Root Canal Therapy – Arlington, TX
Fast Relief For Painful Teeth
Ouch! You woke up this morning, and suddenly that small toothache you’ve been ignoring all week has turned into a serious throbbing pain. While fillings are typically all that’s needed to stop minor dental pain, in severe cases, a root canal is often the best solution. Despite its dubious reputation, this procedure is actually virtually-painless when performed by Dr. Doctor, and it’s able to save even the most damaged teeth from extraction! Rather than sitting and suffering with your hurting tooth, give him a call today so he can start fixing it right away with root canal therapy in Arlington.
Why Choose Ravi Doctor, DDS for Root Canal Therapy?
- Multiple Types of Sedation Guarantee Comfort
- Trained By World-Renowned Endodontists (Root Canal Specialists)
- Same-Day Appointments Available for Patients in Pain
Why Someone Might Need a Root Canal
Root canals are used to address problems and relieve pain associated with the dental pulp. What is the dental pulp?
Your teeth are actually composed of three distinct layers. You likely already know about the enamel on the outside, and below that is a yellowish substance called dentin. At the center lies the dental pulp, which is soft tissue that consists of multiple blood vessels as well as the “nerve” of the tooth. It’s essential for allowing adequate blood flow into the tooth and enabling waste to go out.
Sometimes, this pulp can be exposed to bacteria either because a cavity has gone untreated for a very long time and has worked its way through the enamel and dentin, or physical trauma has cracked the tooth and left the pulp unprotected. In either case, the pulp can develop an infection, which causes a lot of swelling and pain to develop.
This can also lead to symptoms such as:
- Temperature sensitivity that lasts for 20-30 seconds
- Pain when biting down onto a certain tooth
- Redness and swelling in the gums near a tooth
- A pimple-like bump on the gums next to a tooth
If any of these sound familiar, be sure to give Dr. Doctor a call right away! Left alone, a dental infection can actually enter the bloodstream and cause all kinds of overall health issues (including death in the most extreme cases).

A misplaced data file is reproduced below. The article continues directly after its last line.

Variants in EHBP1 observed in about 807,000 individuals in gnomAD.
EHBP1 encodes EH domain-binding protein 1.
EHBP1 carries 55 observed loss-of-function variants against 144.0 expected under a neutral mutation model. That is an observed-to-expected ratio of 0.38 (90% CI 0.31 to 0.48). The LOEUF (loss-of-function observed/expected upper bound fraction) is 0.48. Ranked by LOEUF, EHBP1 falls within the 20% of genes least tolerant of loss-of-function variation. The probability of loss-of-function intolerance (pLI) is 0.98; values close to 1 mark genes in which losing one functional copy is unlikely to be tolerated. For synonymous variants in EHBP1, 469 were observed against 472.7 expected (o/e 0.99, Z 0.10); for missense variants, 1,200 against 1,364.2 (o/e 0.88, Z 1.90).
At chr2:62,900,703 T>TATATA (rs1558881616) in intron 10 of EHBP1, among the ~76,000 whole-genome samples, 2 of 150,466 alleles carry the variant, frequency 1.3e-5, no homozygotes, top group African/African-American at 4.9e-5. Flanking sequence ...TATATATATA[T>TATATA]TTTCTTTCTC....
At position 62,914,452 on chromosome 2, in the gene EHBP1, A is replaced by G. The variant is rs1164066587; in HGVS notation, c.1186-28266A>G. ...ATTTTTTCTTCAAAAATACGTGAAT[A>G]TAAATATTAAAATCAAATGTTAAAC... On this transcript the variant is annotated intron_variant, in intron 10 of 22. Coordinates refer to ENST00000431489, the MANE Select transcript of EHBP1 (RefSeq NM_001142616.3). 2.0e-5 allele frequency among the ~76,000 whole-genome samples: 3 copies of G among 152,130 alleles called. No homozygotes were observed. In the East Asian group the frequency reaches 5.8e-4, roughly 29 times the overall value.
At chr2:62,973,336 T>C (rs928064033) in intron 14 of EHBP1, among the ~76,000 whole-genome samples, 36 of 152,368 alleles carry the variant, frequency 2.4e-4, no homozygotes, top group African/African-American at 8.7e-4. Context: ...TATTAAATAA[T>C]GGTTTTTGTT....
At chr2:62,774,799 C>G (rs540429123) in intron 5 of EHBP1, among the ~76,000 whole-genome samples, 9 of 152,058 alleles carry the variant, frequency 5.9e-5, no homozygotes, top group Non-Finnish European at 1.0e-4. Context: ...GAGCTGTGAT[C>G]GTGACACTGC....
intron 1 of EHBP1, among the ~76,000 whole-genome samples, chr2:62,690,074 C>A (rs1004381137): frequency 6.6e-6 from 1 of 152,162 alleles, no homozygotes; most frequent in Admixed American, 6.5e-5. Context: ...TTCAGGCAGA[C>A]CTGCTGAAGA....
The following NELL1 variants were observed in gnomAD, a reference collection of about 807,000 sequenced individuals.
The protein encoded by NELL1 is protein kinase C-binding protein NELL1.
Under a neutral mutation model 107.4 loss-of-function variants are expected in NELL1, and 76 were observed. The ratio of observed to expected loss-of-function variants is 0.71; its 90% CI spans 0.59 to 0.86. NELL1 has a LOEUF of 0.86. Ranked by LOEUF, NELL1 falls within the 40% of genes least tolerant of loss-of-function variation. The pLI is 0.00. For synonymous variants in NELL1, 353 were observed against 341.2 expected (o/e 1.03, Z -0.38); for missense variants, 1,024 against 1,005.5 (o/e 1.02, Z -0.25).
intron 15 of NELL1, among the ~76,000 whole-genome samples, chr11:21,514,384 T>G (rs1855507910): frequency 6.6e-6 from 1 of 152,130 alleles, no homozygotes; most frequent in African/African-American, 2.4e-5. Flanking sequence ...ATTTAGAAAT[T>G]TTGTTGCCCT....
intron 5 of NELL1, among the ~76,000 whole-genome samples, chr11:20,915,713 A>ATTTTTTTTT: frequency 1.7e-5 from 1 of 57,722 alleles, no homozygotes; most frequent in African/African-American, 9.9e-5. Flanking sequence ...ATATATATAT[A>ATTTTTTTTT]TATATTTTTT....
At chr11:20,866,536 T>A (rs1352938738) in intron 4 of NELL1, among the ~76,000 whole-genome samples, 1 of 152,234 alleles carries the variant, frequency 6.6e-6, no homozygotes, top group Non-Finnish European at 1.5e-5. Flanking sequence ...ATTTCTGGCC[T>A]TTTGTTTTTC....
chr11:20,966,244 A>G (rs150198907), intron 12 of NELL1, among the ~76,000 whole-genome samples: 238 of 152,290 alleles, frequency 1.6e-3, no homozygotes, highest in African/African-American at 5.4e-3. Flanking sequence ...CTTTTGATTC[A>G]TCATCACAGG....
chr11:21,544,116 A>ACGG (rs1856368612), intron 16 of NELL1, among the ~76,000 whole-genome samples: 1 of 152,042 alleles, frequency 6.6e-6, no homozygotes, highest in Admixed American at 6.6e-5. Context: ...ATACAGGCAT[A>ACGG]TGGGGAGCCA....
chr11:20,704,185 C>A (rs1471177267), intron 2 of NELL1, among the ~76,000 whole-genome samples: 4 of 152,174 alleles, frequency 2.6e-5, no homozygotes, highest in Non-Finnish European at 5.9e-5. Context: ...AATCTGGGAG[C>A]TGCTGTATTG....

How a Root Canal Actually Works
If you come to see Dr. Doctor with a hurting tooth, he’ll start by giving you an exam to figure out what is causing the problem. If he determines that you need a root canal, the procedure will involve the following steps:
- He’ll start by numbing the tooth and the surrounding area with local anesthetic
- A small hole will be placed in the enamel to allow access to the pulp
- The diseased pulp will be removed
- The interior of the tooth will be cleaned, sanitized, and filled
- A temporary restoration will be placed on the tooth, and at a follow-up appointment, the tooth will be further rebuilt with a dental crown
For most patients, the entire procedure takes about 60-90 minutes, and many report feeling next to nothing while in the chair. Afterward, a little swelling or tenderness is normal, but this should go away after a few days. Thanks to Dr. Doctor, your treated tooth will be able to look and function normally for many years to come.
Root Canal Surgery, aka Apicoectomy
If an infection in the dental pulp is left alone, it can actually spread beyond the root of a tooth and into the nearby jawbone. To fix this type of problem, a procedure called an apicoectomy has to be performed. Dr. Doctor can do this himself, and it will involve making a small hole in the bone near the tooth, removing all of the infected tissue, sealing off the root of a tooth to prevent further infection, and then suturing the area closed.
Nothing to Fear Anymore
If one of your teeth is causing you pain, don’t wait to seek out the care you need. With a root canal, Dr. Doctor can fix your tooth in a single appointment so you have one less thing to worry about. To learn more and schedule an appointment, contact us today.
Root Canal Coverage
Root recession is possible thanks to a connective tissue graft. Useful careful precision, the dentist can make small incisions that provide just enough room for the graft. Using tissue harvested from the palate, it is placed into the space, covering the root. Extending beyond the defect, nutrients are able to feed the graft. Tissues and sutures may or may not be covered with protective packing. One the sutures dissolve, the graft blends with adjacent attach gingival tissue. It’s also important to note that there are limits to this type of procedure.